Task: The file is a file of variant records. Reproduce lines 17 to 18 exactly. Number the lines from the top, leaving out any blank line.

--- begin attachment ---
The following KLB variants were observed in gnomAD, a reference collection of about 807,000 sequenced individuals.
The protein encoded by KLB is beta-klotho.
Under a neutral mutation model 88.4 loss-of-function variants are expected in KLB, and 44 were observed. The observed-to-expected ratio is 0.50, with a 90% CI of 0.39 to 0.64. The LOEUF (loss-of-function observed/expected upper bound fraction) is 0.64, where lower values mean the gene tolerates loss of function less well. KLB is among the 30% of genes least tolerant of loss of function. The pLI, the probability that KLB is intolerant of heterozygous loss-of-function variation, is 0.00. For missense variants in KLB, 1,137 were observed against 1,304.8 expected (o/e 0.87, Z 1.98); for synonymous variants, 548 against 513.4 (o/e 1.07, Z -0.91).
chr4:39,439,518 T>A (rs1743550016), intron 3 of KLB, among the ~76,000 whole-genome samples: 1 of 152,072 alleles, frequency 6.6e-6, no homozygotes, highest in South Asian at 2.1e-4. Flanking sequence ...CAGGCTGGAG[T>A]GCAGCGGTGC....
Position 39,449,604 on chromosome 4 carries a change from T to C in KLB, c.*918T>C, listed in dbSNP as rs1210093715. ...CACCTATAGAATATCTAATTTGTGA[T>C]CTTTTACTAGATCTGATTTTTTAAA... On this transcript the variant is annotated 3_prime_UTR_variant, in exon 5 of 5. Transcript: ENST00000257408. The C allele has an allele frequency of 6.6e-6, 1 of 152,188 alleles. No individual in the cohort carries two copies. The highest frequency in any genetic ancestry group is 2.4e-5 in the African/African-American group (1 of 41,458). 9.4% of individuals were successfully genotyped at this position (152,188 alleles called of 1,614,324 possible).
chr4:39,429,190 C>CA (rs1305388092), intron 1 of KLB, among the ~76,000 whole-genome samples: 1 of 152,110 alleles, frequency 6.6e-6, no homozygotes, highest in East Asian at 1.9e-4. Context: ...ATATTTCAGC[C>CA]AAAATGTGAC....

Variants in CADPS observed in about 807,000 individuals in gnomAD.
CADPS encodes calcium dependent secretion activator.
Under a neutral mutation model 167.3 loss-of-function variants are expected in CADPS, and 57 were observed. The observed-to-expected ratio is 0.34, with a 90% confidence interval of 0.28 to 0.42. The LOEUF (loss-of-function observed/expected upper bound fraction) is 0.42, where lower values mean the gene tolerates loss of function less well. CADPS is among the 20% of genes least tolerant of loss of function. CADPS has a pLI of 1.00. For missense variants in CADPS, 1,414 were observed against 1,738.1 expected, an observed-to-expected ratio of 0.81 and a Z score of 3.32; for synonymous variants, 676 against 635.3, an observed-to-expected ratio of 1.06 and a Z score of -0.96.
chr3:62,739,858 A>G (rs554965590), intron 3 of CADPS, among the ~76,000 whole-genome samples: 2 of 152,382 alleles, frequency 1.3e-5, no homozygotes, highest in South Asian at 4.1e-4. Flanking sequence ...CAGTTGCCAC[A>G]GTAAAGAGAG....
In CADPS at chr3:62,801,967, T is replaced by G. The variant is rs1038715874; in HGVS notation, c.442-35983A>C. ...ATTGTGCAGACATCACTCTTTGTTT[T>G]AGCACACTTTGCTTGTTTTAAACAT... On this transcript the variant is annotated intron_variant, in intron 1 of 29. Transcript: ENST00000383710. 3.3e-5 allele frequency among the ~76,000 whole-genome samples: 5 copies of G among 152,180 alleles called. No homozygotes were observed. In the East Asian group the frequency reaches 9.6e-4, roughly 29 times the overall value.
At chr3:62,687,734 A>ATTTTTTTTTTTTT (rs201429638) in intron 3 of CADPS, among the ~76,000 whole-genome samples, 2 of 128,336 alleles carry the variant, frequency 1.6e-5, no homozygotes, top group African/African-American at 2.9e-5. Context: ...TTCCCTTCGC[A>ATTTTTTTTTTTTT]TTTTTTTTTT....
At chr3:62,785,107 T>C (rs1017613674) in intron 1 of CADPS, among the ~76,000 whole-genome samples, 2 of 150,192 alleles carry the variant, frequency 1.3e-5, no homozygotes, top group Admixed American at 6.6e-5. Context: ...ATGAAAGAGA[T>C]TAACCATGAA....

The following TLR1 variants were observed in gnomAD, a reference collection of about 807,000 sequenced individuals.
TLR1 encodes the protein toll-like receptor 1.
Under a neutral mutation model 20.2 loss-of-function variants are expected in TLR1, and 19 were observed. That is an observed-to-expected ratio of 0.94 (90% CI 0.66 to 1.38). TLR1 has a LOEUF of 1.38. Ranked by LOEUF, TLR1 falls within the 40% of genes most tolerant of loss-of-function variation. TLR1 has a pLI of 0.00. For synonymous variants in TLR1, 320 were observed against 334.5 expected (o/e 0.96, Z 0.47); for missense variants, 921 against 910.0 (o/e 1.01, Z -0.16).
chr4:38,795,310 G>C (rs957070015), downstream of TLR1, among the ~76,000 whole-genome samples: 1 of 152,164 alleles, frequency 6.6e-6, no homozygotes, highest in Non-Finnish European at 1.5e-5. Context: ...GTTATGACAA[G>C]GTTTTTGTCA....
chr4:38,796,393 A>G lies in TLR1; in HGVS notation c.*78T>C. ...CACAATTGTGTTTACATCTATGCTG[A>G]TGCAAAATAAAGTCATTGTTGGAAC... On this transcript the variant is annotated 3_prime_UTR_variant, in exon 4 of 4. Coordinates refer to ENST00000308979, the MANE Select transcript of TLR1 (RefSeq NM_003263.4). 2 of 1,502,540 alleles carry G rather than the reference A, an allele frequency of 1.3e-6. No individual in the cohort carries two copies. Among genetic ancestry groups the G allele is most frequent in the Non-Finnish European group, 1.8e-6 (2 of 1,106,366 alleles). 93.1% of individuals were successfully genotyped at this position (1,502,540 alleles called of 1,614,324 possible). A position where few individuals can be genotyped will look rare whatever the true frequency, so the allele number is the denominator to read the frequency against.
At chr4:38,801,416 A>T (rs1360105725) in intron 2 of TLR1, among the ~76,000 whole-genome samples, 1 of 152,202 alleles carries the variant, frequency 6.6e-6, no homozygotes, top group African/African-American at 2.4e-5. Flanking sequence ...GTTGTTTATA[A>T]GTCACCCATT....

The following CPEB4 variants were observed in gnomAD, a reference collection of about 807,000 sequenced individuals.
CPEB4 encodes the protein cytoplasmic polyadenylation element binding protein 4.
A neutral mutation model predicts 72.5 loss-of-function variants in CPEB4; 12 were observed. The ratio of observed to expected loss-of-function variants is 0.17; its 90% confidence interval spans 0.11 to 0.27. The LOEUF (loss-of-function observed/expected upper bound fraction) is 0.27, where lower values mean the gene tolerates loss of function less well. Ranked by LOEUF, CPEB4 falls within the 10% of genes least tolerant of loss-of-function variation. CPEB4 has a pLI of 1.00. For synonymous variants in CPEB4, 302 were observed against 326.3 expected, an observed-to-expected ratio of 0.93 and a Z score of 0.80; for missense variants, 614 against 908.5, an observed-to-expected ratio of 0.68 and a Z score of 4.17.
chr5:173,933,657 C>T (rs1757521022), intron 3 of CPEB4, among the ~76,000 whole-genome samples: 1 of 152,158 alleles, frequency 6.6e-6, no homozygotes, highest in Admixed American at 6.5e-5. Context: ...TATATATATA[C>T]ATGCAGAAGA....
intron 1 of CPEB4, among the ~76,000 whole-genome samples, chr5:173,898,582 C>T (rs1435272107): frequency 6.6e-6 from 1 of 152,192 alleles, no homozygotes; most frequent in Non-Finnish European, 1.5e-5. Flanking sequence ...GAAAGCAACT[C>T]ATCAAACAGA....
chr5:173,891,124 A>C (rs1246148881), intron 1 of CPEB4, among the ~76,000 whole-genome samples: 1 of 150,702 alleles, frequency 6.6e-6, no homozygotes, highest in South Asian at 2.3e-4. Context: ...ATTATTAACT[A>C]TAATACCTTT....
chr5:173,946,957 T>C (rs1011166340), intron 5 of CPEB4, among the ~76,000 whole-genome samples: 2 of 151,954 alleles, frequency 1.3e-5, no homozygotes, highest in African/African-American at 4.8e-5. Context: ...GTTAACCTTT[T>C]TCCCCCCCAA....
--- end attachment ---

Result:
chr4:38,795,310 G>C (rs957070015), downstream of TLR1, among the ~76,000 whole-genome samples: 1 of 152,164 alleles, frequency 6.6e-6, no homozygotes, highest in Non-Finnish European at 1.5e-5. Context: ...GTTATGACAA[G>C]GTTTTTGTCA....
chr4:38,796,393 A>G lies in TLR1; in HGVS notation c.*78T>C. ...CACAATTGTGTTTACATCTATGCTG[A>G]TGCAAAATAAAGTCATTGTTGGAAC... On this transcript the variant is annotated 3_prime_UTR_variant, in exon 4 of 4. Coordinates refer to ENST00000308979, the MANE Select transcript of TLR1 (RefSeq NM_003263.4). 2 of 1,502,540 alleles carry G rather than the reference A, an allele frequency of 1.3e-6. No individual in the cohort carries two copies. Among genetic ancestry groups the G allele is most frequent in the Non-Finnish European group, 1.8e-6 (2 of 1,106,366 alleles). 93.1% of individuals were successfully genotyped at this position (1,502,540 alleles called of 1,614,324 possible). A position where few individuals can be genotyped will look rare whatever the true frequency, so the allele number is the denominator to read the frequency against.